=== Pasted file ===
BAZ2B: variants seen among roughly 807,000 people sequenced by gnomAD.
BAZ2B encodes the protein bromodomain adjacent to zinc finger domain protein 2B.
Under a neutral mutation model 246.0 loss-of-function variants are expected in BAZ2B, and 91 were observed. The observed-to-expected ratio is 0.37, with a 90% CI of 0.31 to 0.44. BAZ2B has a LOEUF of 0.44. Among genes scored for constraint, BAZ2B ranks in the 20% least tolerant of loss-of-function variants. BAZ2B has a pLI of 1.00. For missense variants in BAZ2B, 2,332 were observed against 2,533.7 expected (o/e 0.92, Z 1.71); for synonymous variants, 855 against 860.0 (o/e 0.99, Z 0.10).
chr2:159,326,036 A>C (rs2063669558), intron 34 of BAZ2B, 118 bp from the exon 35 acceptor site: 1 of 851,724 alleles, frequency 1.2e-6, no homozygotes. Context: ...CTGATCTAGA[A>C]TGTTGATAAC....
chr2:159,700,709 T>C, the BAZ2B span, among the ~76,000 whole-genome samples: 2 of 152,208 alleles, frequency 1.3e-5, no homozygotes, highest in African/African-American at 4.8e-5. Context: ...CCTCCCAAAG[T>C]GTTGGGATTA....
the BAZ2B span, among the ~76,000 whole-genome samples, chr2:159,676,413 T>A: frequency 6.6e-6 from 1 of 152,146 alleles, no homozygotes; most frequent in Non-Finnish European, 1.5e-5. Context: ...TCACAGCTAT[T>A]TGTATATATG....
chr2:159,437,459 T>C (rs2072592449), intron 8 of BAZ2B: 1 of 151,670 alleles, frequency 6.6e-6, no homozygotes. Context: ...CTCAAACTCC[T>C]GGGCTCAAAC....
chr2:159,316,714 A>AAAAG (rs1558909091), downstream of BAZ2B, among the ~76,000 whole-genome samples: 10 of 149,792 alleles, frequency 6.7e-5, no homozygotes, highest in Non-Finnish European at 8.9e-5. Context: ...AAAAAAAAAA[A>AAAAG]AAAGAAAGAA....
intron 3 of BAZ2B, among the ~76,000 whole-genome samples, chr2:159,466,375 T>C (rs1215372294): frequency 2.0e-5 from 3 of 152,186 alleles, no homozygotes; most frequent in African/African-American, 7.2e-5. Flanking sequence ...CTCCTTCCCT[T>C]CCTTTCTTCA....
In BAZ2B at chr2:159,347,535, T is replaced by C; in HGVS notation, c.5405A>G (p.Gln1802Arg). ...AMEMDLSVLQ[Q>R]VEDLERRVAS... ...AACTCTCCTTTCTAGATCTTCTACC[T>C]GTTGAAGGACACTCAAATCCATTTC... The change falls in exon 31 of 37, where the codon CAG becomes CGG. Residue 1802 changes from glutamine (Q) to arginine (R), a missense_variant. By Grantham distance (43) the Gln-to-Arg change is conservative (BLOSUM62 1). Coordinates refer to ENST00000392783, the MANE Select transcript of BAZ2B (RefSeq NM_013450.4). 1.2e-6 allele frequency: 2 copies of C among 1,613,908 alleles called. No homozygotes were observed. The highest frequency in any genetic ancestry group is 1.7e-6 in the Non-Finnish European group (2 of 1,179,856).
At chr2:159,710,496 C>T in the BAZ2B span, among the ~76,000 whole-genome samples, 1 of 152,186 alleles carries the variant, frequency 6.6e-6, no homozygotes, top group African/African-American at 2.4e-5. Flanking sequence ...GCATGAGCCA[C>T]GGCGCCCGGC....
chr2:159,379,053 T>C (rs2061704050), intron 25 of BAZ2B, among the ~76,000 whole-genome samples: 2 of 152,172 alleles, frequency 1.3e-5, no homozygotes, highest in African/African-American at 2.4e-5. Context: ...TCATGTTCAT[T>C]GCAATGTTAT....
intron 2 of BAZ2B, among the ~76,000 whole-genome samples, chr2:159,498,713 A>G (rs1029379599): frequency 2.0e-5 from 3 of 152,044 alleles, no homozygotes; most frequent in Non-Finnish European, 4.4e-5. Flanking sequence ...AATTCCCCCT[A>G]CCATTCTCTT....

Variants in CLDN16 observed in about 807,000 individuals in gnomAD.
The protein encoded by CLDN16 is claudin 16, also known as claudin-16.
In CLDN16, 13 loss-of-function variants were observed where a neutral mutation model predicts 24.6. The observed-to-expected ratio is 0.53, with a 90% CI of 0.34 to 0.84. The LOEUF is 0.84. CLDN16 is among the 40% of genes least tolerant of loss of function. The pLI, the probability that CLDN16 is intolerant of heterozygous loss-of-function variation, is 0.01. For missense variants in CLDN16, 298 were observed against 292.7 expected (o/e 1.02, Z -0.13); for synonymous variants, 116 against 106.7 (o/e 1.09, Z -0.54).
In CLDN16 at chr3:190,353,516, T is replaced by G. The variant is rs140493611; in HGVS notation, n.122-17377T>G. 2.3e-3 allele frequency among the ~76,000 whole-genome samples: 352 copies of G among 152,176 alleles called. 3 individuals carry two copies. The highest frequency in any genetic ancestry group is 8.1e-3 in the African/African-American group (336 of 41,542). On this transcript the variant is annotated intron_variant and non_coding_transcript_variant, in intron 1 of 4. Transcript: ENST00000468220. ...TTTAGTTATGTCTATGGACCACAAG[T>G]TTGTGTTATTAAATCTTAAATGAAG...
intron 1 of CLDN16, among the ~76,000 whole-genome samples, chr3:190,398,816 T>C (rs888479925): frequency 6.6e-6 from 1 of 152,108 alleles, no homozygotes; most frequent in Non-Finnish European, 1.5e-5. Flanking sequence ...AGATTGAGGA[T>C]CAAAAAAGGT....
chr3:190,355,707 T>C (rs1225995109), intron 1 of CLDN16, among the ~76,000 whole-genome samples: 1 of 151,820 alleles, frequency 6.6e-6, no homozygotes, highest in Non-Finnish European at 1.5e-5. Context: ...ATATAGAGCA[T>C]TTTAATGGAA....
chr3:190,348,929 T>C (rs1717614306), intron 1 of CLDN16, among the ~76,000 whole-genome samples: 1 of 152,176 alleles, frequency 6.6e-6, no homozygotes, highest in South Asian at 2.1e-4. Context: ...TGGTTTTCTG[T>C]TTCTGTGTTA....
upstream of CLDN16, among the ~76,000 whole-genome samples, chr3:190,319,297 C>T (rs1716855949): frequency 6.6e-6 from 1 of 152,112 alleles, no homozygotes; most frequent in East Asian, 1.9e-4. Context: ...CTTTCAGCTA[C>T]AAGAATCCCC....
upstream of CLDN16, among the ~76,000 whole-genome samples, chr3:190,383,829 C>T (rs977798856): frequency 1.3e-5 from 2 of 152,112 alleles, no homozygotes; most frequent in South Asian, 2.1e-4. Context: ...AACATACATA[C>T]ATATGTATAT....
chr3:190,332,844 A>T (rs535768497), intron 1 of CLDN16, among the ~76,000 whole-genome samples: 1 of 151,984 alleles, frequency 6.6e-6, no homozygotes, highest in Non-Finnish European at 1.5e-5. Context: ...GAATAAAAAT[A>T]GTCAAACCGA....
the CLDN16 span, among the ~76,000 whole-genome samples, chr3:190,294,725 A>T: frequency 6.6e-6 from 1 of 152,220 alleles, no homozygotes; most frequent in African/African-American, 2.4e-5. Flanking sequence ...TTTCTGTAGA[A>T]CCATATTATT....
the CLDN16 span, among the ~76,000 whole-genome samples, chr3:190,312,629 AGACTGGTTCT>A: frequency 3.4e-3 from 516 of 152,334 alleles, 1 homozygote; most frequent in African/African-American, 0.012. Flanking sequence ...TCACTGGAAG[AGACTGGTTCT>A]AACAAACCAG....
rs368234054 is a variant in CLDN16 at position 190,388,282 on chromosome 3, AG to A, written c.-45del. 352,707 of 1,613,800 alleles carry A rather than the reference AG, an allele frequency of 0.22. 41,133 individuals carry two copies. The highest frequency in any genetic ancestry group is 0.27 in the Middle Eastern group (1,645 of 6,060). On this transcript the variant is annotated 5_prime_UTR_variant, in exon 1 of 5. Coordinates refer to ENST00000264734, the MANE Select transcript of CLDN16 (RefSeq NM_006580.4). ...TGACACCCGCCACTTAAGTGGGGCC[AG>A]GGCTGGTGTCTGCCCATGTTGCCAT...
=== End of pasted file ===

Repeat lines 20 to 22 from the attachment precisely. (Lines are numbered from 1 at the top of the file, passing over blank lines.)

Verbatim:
chr3:190,348,929 T>C (rs1717614306), intron 1 of CLDN16, among the ~76,000 whole-genome samples: 1 of 152,176 alleles, frequency 6.6e-6, no homozygotes, highest in South Asian at 2.1e-4. Context: ...TGGTTTTCTG[T>C]TTCTGTGTTA....
upstream of CLDN16, among the ~76,000 whole-genome samples, chr3:190,319,297 C>T (rs1716855949): frequency 6.6e-6 from 1 of 152,112 alleles, no homozygotes; most frequent in East Asian, 1.9e-4. Context: ...CTTTCAGCTA[C>T]AAGAATCCCC....
upstream of CLDN16, among the ~76,000 whole-genome samples, chr3:190,383,829 C>T (rs977798856): frequency 1.3e-5 from 2 of 152,112 alleles, no homozygotes; most frequent in South Asian, 2.1e-4. Context: ...AACATACATA[C>T]ATATGTATAT....